After your managers have begun asking for insight, they should make it clear to team leaders that every significant analysis report must include explicit identification of new insights. Analysis team leaders in turn will begin insisting on an insight focus among their team members because the team leaders quickly recognize that their work will not be warmly received unless they carefully craft insights and support the new conclusions with appropriate data and convincing reasoning.

4. Make insight a focus of analysis practices

An insight culture must be evident in work practices. Managers will need to embed new insight-oriented routines into how functional groups and teams conduct analyses ranging from customer or competitor analysis to technology assessment or potential industry evolution. This new focus on insight will affect how data is collected, how data is transformed into insight, how insights are critiqued and tested, and how insights are monitored over time to assess whether they need to be updated.

In the search for greater insight managers should encourage team members to pay attention to 'small data' or even isolated data points, which can often lead to valuable insights. For example, one customer’s comment about a technical challenge in using a product caused a customer analysis team to draw new inferences about the customer’s need, the technology change required to improve the product, and the financial value of a solution to the customer. This understanding led to the insight that a significant market opportunity existed if a set of related product problems could be solved, which ultimately resulted in the company developing a new customer value proposition that rivals would not be able to challenge for at least a year.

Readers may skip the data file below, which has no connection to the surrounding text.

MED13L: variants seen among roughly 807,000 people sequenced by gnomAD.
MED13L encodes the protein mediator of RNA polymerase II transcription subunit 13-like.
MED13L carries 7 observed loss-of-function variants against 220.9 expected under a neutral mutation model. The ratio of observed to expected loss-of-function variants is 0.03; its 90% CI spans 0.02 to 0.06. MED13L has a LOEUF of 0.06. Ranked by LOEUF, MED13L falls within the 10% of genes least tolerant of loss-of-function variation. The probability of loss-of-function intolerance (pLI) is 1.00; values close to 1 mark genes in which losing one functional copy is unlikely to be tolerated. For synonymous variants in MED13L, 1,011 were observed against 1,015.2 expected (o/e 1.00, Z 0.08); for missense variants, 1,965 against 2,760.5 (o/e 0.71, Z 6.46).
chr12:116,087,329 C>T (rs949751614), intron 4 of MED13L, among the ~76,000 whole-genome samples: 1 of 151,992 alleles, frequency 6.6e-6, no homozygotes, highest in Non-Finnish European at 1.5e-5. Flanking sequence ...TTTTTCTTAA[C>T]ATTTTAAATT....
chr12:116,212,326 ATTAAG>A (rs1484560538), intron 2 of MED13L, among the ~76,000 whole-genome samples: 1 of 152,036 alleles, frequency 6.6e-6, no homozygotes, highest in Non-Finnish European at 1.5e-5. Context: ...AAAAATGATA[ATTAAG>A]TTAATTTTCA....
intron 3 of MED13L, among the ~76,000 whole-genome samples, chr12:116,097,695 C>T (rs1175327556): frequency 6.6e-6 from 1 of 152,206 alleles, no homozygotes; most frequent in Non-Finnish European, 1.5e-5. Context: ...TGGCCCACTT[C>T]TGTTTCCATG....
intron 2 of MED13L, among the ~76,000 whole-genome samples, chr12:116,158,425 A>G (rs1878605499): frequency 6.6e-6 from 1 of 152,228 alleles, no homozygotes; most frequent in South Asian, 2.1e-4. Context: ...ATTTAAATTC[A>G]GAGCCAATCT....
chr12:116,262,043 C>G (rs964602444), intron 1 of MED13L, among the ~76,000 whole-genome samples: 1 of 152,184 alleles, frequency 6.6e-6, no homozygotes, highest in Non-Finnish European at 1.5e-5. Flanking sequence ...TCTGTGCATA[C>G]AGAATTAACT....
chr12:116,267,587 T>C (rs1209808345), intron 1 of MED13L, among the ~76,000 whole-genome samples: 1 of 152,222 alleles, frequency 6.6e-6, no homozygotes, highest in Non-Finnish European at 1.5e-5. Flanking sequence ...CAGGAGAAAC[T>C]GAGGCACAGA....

5. Encourage insight deliberations in meetings

Executives and others can use meetings in many ways to reinforce an insight culture. Judicious use of questions sends a clear signal that insights are valued. For example, an executive might ask: “What is the insight you have extracted from your analysis and how is it different from our previous understanding?” Once an insight has been articulated, the executive might then ask: “What data and reasoning might challenge and perhaps refute the potential new understanding?” The response will help refine the new understanding.

Another crucial discussion should revolve around challenging the second component of insight – that is, the implications of the new understanding. An executive should guide a discussion to see if the suggested implications of the new understanding will actually hold up to scrutiny. The subsequent deliberations will likely lead to the proposed implications being modified or new implications emerging that had not previously been considered. In one case I observed, a team initially thought that their new understanding implied that they needed to develop new customer value propositions for all their customer segments. But after further deliberation they decided that only two customer segments needed radically different value propositions based on new assumptions about customer needs.

Get the ball rolling with your management team

As an HR professional, you can play an important role in helping your management understand the critical importance of attaining breakthrough insights from their teams. Consider organizing a workshop to educate your managers how to move an organization toward an insight-driven culture that can fuel your organization’s success.

If you have further questions about these tips or would like to discuss my books or executive education, advisory and consulting services, please get in touch.